Wang's love problems seem to be resolved as his attentions turn to the land. He is rejuvenated by the rich smell of the earth, and he is quick to work with his own two hands upon the land. His joy is unsurpassed, and he spends the next day working and relaxing in the fields. That night, when he enters Lotus' chambers, she makes a face at his muddy appearance but Wang laughs robustly, proud to be a farmer. Wang eats heartily of the food cooked by O-lan, and he is very content with the two women he has to serve him: Lotus for his physical desires and O-lan for her work in the home and for bearing his children. Many are envious of his successes, none more so than his own uncle. This talk increased men's respect for Wang, so that many came to seek his advice or borrow his money at interest.
Wang is now entirely occupied with the land. The wheat sprouts and Wang takes his harvests to the markets, accompanied by his eldest son who notices an error in one of the deeds. The clerks who had previously ridiculed Wang for his illiteracy now praise the son for his intelligence, and Wang bursts with pride.
Wang realizes that his son is now a man, and he seeks a suitable wife for him. Discussing the situation with Ching, Wang understands that only an upper-class maid will suffice. Wang shares his thoughts with no other, consigning himself the important job of seeking this woman. Still, a great deal of time passes and there is no bride to be found.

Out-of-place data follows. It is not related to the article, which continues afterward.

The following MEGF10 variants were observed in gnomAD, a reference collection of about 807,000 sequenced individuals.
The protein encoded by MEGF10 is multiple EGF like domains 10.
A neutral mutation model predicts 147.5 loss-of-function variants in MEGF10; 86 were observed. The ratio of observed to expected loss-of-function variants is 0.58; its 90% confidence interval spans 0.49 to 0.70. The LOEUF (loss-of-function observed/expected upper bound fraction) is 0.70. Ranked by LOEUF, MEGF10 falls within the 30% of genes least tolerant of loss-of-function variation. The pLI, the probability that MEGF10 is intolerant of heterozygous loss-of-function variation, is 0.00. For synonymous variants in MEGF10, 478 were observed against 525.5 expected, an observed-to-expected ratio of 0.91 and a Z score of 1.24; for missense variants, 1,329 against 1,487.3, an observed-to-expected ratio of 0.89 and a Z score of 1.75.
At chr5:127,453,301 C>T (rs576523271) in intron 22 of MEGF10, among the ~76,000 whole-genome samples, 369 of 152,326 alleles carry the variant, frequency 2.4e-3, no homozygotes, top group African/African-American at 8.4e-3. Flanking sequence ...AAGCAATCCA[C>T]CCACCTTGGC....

When spring arrives, the eldest son's attitude changes so that he becomes uncooperative and rebellious, refusing at times to eat or attend school. Despite Wang's lashings, he is unsuccessful at changing his son who becomes more unruly. Finally, O-lan approaches Wang to tell him that the beatings will not change their son since she has seen the same changes appear in the young sons of the Old Lord at the House of Hwang. She says the only cure for their melancholy was to find slaves for them to appease their sexual hunger. Wang concurs and decides to wed their son early, to satiate this desire.
Browse all book notes|
Points to Ponder
Did You Know
Chapter 2 and 3
Chapter 4 and 5
Chapter 6 and 7
Chapter 10 and 11
Chapter 12 and 13